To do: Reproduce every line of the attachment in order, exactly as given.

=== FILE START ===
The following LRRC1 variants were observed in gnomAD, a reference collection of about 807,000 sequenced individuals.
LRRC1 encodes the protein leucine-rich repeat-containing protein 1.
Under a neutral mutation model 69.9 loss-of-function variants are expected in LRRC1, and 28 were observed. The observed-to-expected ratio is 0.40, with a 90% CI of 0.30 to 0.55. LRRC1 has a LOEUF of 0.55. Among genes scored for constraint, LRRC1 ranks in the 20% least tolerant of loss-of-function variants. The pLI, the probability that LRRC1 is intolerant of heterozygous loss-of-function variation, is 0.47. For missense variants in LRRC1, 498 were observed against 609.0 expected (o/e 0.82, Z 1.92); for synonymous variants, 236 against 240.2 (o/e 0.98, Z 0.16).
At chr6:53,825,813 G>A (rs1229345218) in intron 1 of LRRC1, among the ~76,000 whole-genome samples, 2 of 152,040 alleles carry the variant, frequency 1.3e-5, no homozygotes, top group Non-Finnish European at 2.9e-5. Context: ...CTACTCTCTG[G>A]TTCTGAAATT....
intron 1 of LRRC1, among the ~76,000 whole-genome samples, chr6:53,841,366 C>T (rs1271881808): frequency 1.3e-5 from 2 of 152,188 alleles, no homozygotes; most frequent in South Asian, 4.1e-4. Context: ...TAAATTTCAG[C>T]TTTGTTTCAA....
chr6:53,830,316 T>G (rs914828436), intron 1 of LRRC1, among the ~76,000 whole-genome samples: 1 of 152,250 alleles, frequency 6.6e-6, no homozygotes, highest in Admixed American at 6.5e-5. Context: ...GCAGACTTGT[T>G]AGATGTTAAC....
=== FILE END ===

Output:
The following LRRC1 variants were observed in gnomAD, a reference collection of about 807,000 sequenced individuals.
LRRC1 encodes the protein leucine-rich repeat-containing protein 1.
Under a neutral mutation model 69.9 loss-of-function variants are expected in LRRC1, and 28 were observed. The observed-to-expected ratio is 0.40, with a 90% CI of 0.30 to 0.55. LRRC1 has a LOEUF of 0.55. Among genes scored for constraint, LRRC1 ranks in the 20% least tolerant of loss-of-function variants. The pLI, the probability that LRRC1 is intolerant of heterozygous loss-of-function variation, is 0.47. For missense variants in LRRC1, 498 were observed against 609.0 expected (o/e 0.82, Z 1.92); for synonymous variants, 236 against 240.2 (o/e 0.98, Z 0.16).
At chr6:53,825,813 G>A (rs1229345218) in intron 1 of LRRC1, among the ~76,000 whole-genome samples, 2 of 152,040 alleles carry the variant, frequency 1.3e-5, no homozygotes, top group Non-Finnish European at 2.9e-5. Context: ...CTACTCTCTG[G>A]TTCTGAAATT....
intron 1 of LRRC1, among the ~76,000 whole-genome samples, chr6:53,841,366 C>T (rs1271881808): frequency 1.3e-5 from 2 of 152,188 alleles, no homozygotes; most frequent in South Asian, 4.1e-4. Context: ...TAAATTTCAG[C>T]TTTGTTTCAA....
chr6:53,830,316 T>G (rs914828436), intron 1 of LRRC1, among the ~76,000 whole-genome samples: 1 of 152,250 alleles, frequency 6.6e-6, no homozygotes, highest in Admixed American at 6.5e-5. Context: ...GCAGACTTGT[T>G]AGATGTTAAC....